THE future of Beales hangs in the balance today after the 139-year-old department store business called in administrators.

The stores’ boss has said he is still “confident of a positive outcome” for the Bournemouth-based company.

Beales said yesterday that it had appointed KPMG as administrators. The professional services company will now look at the best way to realise value for creditors.

Beales stores are continuing to trade, although “Closing down sale” signs will appear later this week.

The Beales website was taken down for "site maintenance" ahead of the news.

Chief executive and owner Tony Brown told the Daily Echo: “We’re still in active talks with various parties and those talks continue while we go into the administration process. I’m still confident of a positive outcome.”

Beales was founded on its current site in Bournemouth in 1881. It has one of the biggest shop premises in the town and is also a key part of Poole’s Dolphin Shopping Centre.

The chain has 22 stores and around 1,300 staff across the country.

As well as disappointing Christmas trading, it has faced rising costs and high business rates – with its Bournemouth branch alone attracting a rates bill of £440,000 a year.

Mr Brown said: “While we’ve had a very positive response from all our landlords, which have included Bournemouth, the conversations with BCP Council are exceptionally difficult as they don’t want to set a precedent. The precedent would be to end this lunacy of business rates.”

He added that BCP was “no more difficult than most councils”.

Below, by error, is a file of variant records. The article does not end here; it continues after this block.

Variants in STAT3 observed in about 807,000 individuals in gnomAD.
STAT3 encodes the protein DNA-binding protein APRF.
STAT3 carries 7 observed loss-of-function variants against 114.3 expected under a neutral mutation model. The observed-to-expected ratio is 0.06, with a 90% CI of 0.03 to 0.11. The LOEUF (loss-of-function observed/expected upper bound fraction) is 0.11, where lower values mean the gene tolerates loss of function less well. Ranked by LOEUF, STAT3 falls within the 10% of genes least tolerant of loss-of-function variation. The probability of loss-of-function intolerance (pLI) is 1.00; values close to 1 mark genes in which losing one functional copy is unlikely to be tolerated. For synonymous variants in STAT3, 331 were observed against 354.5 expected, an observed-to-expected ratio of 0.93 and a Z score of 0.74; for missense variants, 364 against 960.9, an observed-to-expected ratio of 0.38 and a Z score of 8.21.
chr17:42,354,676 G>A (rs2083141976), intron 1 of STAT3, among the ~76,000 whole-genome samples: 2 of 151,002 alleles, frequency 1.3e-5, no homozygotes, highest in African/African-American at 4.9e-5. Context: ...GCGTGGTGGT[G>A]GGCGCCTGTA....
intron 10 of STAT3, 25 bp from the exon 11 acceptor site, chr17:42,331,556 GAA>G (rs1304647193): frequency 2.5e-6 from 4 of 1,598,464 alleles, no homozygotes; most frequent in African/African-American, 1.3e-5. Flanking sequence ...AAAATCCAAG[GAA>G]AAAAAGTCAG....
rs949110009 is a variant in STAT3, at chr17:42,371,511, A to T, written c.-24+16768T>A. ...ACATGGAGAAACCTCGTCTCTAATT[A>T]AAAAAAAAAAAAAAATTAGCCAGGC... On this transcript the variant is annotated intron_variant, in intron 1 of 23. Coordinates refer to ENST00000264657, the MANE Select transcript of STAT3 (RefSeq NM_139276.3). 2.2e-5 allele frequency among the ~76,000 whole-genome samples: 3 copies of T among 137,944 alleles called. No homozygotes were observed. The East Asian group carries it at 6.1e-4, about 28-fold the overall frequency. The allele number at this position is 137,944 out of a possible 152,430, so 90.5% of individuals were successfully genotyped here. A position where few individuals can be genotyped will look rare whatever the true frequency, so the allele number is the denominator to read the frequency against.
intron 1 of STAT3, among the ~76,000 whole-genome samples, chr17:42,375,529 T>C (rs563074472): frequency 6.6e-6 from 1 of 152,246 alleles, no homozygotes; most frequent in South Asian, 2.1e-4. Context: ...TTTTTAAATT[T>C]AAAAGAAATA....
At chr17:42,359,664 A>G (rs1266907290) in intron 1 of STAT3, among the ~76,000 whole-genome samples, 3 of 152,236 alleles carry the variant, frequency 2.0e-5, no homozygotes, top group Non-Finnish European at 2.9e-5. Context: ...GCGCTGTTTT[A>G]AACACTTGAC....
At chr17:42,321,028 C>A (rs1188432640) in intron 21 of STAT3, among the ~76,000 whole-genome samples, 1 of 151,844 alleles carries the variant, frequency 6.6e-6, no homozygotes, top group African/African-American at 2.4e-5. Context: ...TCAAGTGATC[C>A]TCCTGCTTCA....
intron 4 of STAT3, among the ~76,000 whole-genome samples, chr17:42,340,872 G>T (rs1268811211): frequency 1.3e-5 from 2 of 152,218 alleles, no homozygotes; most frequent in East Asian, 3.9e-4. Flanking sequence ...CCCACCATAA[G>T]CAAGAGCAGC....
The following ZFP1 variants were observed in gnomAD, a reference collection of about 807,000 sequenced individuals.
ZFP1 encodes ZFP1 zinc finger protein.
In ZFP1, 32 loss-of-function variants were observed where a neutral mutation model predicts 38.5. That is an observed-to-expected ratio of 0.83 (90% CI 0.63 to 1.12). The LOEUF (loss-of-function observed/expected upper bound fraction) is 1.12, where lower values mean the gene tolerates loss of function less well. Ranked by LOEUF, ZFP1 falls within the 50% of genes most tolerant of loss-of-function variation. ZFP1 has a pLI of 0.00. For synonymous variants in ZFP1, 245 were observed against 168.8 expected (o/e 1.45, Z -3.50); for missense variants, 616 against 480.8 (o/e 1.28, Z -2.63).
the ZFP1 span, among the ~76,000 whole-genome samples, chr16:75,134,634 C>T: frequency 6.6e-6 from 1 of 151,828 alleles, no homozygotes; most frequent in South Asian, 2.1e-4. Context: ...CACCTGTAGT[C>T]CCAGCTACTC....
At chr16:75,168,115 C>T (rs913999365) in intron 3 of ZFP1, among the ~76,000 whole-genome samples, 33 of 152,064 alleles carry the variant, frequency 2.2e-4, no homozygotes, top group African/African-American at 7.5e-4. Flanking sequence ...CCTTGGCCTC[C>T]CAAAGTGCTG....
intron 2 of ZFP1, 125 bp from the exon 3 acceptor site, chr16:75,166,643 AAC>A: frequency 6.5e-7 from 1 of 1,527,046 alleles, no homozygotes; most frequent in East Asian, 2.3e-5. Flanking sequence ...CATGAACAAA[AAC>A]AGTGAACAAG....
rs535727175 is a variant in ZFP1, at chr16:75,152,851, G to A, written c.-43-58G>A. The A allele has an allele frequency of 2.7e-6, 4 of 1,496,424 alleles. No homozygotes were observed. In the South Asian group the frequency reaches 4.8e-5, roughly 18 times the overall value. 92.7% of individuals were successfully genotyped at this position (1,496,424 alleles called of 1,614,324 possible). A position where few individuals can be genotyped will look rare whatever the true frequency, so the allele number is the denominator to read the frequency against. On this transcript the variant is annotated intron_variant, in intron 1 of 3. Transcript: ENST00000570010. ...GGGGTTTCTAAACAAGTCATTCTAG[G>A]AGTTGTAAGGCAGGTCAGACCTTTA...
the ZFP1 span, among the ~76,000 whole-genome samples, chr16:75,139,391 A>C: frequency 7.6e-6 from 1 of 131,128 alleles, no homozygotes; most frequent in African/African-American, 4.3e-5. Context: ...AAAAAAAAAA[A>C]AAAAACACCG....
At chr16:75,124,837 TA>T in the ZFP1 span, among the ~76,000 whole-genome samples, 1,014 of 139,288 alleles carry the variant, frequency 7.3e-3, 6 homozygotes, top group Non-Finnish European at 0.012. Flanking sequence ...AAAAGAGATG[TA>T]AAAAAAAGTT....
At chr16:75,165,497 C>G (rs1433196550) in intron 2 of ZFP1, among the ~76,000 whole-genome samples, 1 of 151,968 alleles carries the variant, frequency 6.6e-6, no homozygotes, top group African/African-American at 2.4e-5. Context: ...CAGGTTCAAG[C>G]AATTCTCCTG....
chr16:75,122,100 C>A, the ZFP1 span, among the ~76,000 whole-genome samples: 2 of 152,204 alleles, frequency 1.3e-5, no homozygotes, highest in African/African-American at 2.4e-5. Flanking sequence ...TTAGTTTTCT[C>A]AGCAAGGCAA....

Sources said the appearance of closing down sale signs would make the situation look “bleaker than it is”.
In 2016, Beales won creditors’ backing for a company voluntary arrangement (CVA) which enabled it to negotiate rent cuts and close some loss-making stores.

Mr Brown, who is on his second stint as chief executive, took control of the business in a management buyout in 2018.

Last October, Beales revealed it had made a £3million loss, but said one-off costs had disguised steady sales.

Before Christmas, it appointed KPMG to review the business, officially triggering a sales process.

Ian Girling, chief executive of Dorset Chamber of Commerce and Industry, said: “Obviously we are very sorry to hear the news about Beales. 

“The pressures facing Beales and retail businesses in general have been well documented. We’ve offered to support Beales in any way we can and hope it manages to find a positive outcome. High street businesses are facing huge challenges on many levels.”

Former town centre councillor Bob Chapman, who has served as mayor and leader of Bournemouth council, said: “It would be very sad if Beales were to close. They and other stores are really struggling. 

“It’s high time for the government, whatever party is in control, to do something about the business rates system, which is archaic and driving a lot of retailers to the wall.”

BCP council had not commented about the business rates situation at the time of going to press.

Beales was founded in Bournemouth by John Elmes Beale in 1881.